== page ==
The GWOT Effect

I’ve seen it, and I can explain it, but I never heard it put that way before.

“I saw the best minds of my generation sent off to divide by zero.”

It instantly makes sense.

What he’s talking about is the “GWOT effect.” Incredibly smart and passionate Amerians sent overseas to “win.”

You see it at all levels – from the soldiers on the ground to the Generals in the Pentagon.

If we could just find the right strategy, the right force mix, put the right nouns and verbs in the right order.

If we could have just – one – more – year – we can turn this thing around.

A few years ago, I saw the “GWOT Effect” perfectly captured in the back-and-forth between Brad Pitt and TIlda Swinton’s characters in the 2017 film War Machine. In it, General “McMahon” is briefing a pool of politicians on the strategy to win the war. It’s a brief he is used to giving because he’s done it over and over and over again – to soldiers, to staffs, to politicians, and to the media. He’s good at it. And people believe him. But here, in this one, he is challenged (Note: I couldn’t find the clip, so the dialogue will have to do – source).

German politician:  General, the US invaded Afghanistan because of the al-Qaeda attacks on September 11th. This is correct sir?

General: Yeah.

German politician: You have been speaking to us now for 45 minutes and yet in all of that time you have only mentioned al-Qaeda once. Your own vice president has advocated a much smaller and simpler counterterrorism approach to incapacitate what is estimated to be a little more than 100 al-Qaeda fighters that still remain in Afghanistan to refocus on what it was that started this war in the first place.

General: Ah.

German politician: Your analysis of the insurgency there suggests to me there is no monolithic Taliban.  You are spread over the entire country. You are fighting 1,000 separate battles with locals whose principal ideological position would seem to be simply that they don’t want foreign soldiers in their village. And that, General, you must know, is a war you will never win.

General: Ah. Uh, with all due respect, ma’am. Uh I must beg to differ. I firmly believe, having traveled to all corners of the country, having spoken with many people from many walks of life . . . that what these people want is the very same thing that you and I want. Hmmm?  Freedom, security, stability, jobs.  Progress is being made. Real Progress. But challenges do remain.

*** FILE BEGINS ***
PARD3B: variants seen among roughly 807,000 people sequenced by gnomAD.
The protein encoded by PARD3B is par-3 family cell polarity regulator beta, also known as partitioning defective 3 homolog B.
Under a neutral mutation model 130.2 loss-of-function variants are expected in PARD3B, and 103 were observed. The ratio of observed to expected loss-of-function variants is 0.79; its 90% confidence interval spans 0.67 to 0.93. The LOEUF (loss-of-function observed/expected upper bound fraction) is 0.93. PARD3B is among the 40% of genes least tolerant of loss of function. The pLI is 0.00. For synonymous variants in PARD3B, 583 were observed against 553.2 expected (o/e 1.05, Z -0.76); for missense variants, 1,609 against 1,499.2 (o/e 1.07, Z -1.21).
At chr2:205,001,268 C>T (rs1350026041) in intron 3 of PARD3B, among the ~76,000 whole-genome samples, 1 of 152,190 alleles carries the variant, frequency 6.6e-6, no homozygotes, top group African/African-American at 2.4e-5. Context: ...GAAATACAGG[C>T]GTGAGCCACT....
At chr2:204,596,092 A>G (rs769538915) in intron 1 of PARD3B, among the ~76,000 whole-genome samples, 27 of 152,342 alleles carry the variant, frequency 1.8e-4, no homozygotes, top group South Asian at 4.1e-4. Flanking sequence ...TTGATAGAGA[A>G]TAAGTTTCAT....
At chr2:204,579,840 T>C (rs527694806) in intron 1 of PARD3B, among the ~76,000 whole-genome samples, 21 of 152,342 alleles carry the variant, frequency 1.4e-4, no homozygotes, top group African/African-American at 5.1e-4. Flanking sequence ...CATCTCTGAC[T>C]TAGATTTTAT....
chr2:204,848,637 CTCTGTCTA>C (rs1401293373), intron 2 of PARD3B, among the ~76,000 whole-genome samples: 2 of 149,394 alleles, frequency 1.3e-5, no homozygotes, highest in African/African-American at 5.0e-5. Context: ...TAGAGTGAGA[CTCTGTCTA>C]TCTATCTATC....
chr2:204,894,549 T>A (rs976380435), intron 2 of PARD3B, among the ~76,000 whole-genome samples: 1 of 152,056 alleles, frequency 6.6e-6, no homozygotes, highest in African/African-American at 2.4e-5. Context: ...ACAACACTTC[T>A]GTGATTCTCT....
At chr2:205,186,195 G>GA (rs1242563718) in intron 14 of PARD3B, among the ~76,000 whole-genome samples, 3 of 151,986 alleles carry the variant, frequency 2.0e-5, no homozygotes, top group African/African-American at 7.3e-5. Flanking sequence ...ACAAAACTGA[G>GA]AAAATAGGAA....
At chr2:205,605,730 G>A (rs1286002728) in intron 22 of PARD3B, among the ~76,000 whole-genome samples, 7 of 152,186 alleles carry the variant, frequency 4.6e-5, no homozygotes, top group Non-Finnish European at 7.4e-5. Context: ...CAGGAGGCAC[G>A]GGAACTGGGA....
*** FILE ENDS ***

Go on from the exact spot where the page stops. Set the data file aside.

German politician: Yes, I understand all of that, General. And . . .and , please let me say quite sincerely that I do not question the goodness of your intent. I have been listening to you here this morning, and, uh. . . I believe you are a good man. I do. What I question is. . . your belief in your power to deliver these things that you describe. I question your belief in the power of your ideals.

General: Ah, well. . .

German politician: I think what I am trying to say, and I apologize, General, if this is sounding impolite, but I question your sense of self.

General: I appreciate your commentary. I do. But I have a job to do.

German politician: Yes, I understand, And I also have a job to do. And I’m trying to do mine. As an elected representative of the people of Germany, it is my job to ensure that the personal ambitions of those who serve those people are kept in check. You have devoted your entire life, General, to the fighting of war.  And this situation in Afghanistan, for you, it is the culmination of all your years of training, all your years of ambition. This is the great moment of your life.

General:  Well. . . .

German politician: It’s understandable to me that you should have, therefore, a fetish for completion to make your moment glorious. It is my job, however, to ensure that your personal ambitions are not entirely delusional and do not carry with them an unacceptable cost for everybody else.


Of course we are going to try to win. That is the task. But there does come a point where it all seems to get a bit out of hand.